Skip to main content

Child of 1994 U.S. World Cup devastated by failed bid

By Richard Allen Greene, CNN
Click to play
Qatar wins 2022 bid
  • We really wanted it for this country, fans tell CNN
  • Bill Clinton and Morgan Freeman made the case for the United States
  • World soccer's governing body chose Qatar instead to host the 2022 tournament
  • "I'm disappointed," U.S. Soccer President Sunil Gulati says

(CNN) -- David Baker was 10 years old when the World Cup came to the United States in 1994, and he still has the blue soccer jersey he bought back then.

"That's when I 'caught soccer' and became a fan. That's when I said, 'Soccer is a great sport,'" he said.

So he was devastated, he said, when the sport's governing body awarded the 2022 tournament to Qatar rather than the United States on Thursday.

Not only would winning the bid have boosted the U.S. economy, he argued, it would have been great for the development of soccer in arguably the largest sports market in the world.

"It would have been fantastic for the growth of soccer in our country" at a time "when it's primed to take the next step forward -- or the next step back," the North Carolina pastor said.

Soccer opened up a whole new world for him, he said.

"As a 10-year-old kid, I said these countries [that play soccer] are awesome," he remembered. "For me, that was so neat -- to think that when you kick a soccer ball, you can do that with somebody from any country, any religion, any language."

He doesn't expect the United States to have another chance to host the global tournament anytime soon.

"That's why today was so devastating," he said.

The president of U.S. Soccer, Sunil Gulati, echoed Baker's thoughts.

"There's no way around it: I am disappointed," he said minutes after the U.S. bid was defeated.

"Millions of U.S. soccer fans worked hard to bring the World Cup to our country," he said.

Some of those fans were very big names indeed.

FIFA picks leap into the unknown
Overlooked nations react to World Cup pick
FIFA's political decision
Social media on World Cup hosts

Former President Bill Clinton and actor Morgan Freeman made the case for the United States in Zurich, Switzerland, where FIFA executives voted Thursday.

"Maybe America's best claim to this World Cup is that we have the only nation you can put the World Cup that can guarantee that no matter who makes the finals, we can fill a stadium with home-nation rooters," Clinton told FIFA executives before the voting.

When Ghana knocked the United States out of the World Cup this summer, Clinton said Ghanian-Americans celebrated in Miami and Philadelphia, wrapped in the African nation's flag.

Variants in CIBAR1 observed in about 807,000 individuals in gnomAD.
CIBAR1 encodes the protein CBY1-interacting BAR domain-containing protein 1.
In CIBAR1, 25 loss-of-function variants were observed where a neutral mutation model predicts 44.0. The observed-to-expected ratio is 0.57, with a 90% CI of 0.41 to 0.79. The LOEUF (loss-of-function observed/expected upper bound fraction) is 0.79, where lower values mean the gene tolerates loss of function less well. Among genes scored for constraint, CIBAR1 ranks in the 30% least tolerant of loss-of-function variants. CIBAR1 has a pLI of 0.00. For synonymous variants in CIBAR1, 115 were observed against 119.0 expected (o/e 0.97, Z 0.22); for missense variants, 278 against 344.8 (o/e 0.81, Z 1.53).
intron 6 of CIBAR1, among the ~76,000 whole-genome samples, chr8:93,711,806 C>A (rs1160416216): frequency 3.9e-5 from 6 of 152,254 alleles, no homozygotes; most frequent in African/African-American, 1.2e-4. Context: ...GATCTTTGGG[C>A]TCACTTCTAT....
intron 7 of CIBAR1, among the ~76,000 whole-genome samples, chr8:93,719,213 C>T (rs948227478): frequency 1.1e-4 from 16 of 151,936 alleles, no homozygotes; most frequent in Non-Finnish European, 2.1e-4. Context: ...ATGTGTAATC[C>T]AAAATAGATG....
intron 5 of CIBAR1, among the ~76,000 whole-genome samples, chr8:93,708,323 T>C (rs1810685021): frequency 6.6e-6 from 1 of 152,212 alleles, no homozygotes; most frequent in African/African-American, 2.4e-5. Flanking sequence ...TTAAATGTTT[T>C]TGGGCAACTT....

American soccer stars Landon Donovan and Mia Hamm, and Attorney General Eric Holder also came out to support the bid alongside Gulati.

But it was not to be. Qatar, which promised a carbon-neutral World Cup, complete with air-conditioned stadiums, will become the first Middle Eastern nation to host the tournament, the largest sporting event in the world each time it is held.

"We really wanted this for the country. It would have been great for the sport," New York Red Bulls season ticket holder Sebastian Ostolaza told CNN's Richard Roth minutes after the announcement.

"It would have been a lot of fun for everyone and we're extremely disappointed to have heard what happened," he said at the team's stadium, where he heard the announcement with friends.

But he was gracious to Qatar in defeat.

"I think it's great because soccer is a worldwide sport, and to bring the game back to Asia is going bring fans from over there back into it," he said.

The United States last hosted it in 1994, when Clinton was president.

Team USA acquitted itself well at the World Cup this year, finishing at the top of its group in South Africa before its loss to Ghana.

CNN's Kristi Keck Ramsay contributed to this report.

Part of complete coverage on
How Qatar won the World Cup
When Qatar said it wanted to host the World Cup it seemed an impossible dream for the tiny Middle Eastern country.
World Cup boost for Russia
CNN's Matthew Chance reports Russia's pick as 2018 World Cup host will force Russia to modernize its infrastructure.
Social media on World Cup hosts
CNN's Ben Wyatt looks at the social media reaction to the 2018/22 World Cup host announcements.
Qatar's World Cup vision
Qatar plans to build revolutionary air-conditioned stadiums to help players and fans cope with the country's intense summer heat.
Has FIFA gambled with World Cup?
FIFA has thrown caution to the wind in their adventurous decisions for the 2018 and 2022 tournaments, says World Sport's Terry Baddoo.
Disappointment for losers
CNN reporters around the world get reaction from contender cities that lost the bid to host the 2022 World Cup.
Global reaction to World Cup
Viewers from around the world share their opinions about where the 2018 and 2022 World Cup will be held.